15 mm) placed on a
xed table. The load cell was cali-brated with a 5 kg weight. The equipment was set to zero byautomatically lowering the plate until the bottom surface of plate just contacted the table before each experiment. Then the cross-head was allowed to descend at the rate of 2 mm/s to a totaldeformation of 3 mm (70% compression). When the compressionstroke was completed, plunger abruptly reversed its direction andstarted upward stroke at 5 mm/s. Then a second (down and up)cycle was run on the same sample. All operations were automati-cally controlled by the Texture Analyzer. The compression depthwas held constant at 3 mm in all experiments. The instrumentautomatically recorded the force
displacement or force
timecurve. The experiment was replicated 3 times. The following at-tributes were determined from the force
time curve as explainedbyRahmanandAl-Farsi(2004):hardness,cohesiveness,chewiness,springiness, gumminess and adhesiveness (hardness - force toattainagivendeformation;cohesiveness
degreetowhichsampledeforms (rather than ruptures); chewiness
number of chewsrequired masticate before swallowing; springiness
rate of returnto original shape after some deformation; gumminess
beingsticky and cohesive; adhesiveness
force required to removesample from a given surface) (Prasert and Suwannaporn, 2009;Meilgaard et al., 2007a). For texture analysis, each treatment (4microwave power
3 exposure times) was replicated 3 times. Ineach replication 3 dates were randomly taken for analysis. There-fore, in each treatment texture pro
les of 9 dates were analyzed.
The surface and internal temperatures of date fruits weremeasured after microwave treatment. As soon as the samples weretaken out from the oven, the surface temperature was measuredusing an infrared thermometer (non-contact, digital type meter,Model 830-T1, Testo, Lenzkirch, Germany), and the internal tem-perature was measured using a thermocouple type digital foodthermometer (Model HI 98501, Hanna Instruments, Bedfordshire,UK). While measuring the internal temperature, the thermocoupleprobe was touching the internal surface of the date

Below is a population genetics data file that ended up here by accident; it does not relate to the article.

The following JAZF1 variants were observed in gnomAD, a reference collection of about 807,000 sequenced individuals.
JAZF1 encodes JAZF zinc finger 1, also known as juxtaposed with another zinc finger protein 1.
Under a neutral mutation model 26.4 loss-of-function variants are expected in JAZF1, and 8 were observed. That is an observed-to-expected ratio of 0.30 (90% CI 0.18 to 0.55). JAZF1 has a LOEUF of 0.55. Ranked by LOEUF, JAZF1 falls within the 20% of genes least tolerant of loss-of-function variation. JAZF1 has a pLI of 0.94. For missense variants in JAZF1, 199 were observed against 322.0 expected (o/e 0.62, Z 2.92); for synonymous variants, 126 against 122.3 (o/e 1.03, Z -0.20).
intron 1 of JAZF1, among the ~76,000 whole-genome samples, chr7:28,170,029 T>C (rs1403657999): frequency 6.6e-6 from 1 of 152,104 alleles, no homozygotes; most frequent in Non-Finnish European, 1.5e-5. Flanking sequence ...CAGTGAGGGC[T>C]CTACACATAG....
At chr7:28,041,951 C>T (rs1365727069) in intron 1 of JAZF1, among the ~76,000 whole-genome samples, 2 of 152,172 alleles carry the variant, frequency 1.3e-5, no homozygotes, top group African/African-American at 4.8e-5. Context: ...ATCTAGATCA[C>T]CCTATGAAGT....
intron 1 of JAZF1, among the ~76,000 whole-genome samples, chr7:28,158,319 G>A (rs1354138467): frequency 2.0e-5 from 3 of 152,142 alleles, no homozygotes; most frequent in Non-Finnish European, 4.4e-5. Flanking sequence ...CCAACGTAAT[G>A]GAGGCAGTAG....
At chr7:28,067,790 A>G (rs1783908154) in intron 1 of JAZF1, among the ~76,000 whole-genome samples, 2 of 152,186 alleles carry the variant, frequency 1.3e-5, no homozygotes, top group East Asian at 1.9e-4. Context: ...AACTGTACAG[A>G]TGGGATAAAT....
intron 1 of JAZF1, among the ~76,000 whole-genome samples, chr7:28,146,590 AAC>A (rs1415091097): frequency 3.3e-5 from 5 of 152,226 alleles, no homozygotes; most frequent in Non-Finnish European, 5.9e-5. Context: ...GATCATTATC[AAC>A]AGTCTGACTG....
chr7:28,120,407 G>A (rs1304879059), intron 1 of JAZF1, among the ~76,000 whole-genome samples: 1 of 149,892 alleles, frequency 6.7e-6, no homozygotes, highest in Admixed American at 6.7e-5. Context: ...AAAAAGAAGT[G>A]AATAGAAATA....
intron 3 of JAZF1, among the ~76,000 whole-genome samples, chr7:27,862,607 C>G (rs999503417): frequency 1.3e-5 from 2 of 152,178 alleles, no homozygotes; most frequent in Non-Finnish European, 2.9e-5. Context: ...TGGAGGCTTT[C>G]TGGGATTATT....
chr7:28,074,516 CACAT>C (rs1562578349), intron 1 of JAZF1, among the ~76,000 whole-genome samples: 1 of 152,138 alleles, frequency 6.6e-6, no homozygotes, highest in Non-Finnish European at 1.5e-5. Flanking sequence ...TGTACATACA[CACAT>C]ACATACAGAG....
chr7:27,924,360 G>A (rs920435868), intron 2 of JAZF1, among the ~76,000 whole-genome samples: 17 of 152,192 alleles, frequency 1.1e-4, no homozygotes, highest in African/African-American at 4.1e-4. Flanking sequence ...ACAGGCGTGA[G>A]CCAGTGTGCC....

esh (not airtemperature).
Colorimagesof thedatesampleswereacquiredbeforeandaftermicrowave treatment using an RGB camera (Model DSC-W320,SONY Inc., Japan) under uniform diffused light produced by two
uorescent lamps (Model OSRAM DULUX L 36W/954, OSRAMGmbH, Munchen, Germany). Red (R), green (G) and blue (B) valuesofthedateimageswereextractedafterimplementingregion-basedsegmentation to eliminate the background using Matlab software(Version 7.1, The Mathworks Inc., Natick, MA).
2.3.5. Moisture loss
The moisture loss during microwave heating was measured forthe treatments in which 100% mortality was obtained. Each treat-mentwasreplicated3timesandfromeachreplication3dateswererandomly taken for moisture analysis. Therefore, 9 dates wereanalyzed in each treatment for moisture loss during microwavetreatment. To measure the moisture content of the dates, thesamplesweredriedinanoven(BrabenderGmbHandCo,Duisburg,Germany) at 105
C for 24 h (Rahman and Al-Farsi, 2004). Theweight of individual date sample was measured before microwavetreatment, after microwave treatment and after oven drying, andthe moisture loss during the microwave treatment was calculated.
A. Manickavasagan et al. / Journal of Stored Products Research 55 (2013) 1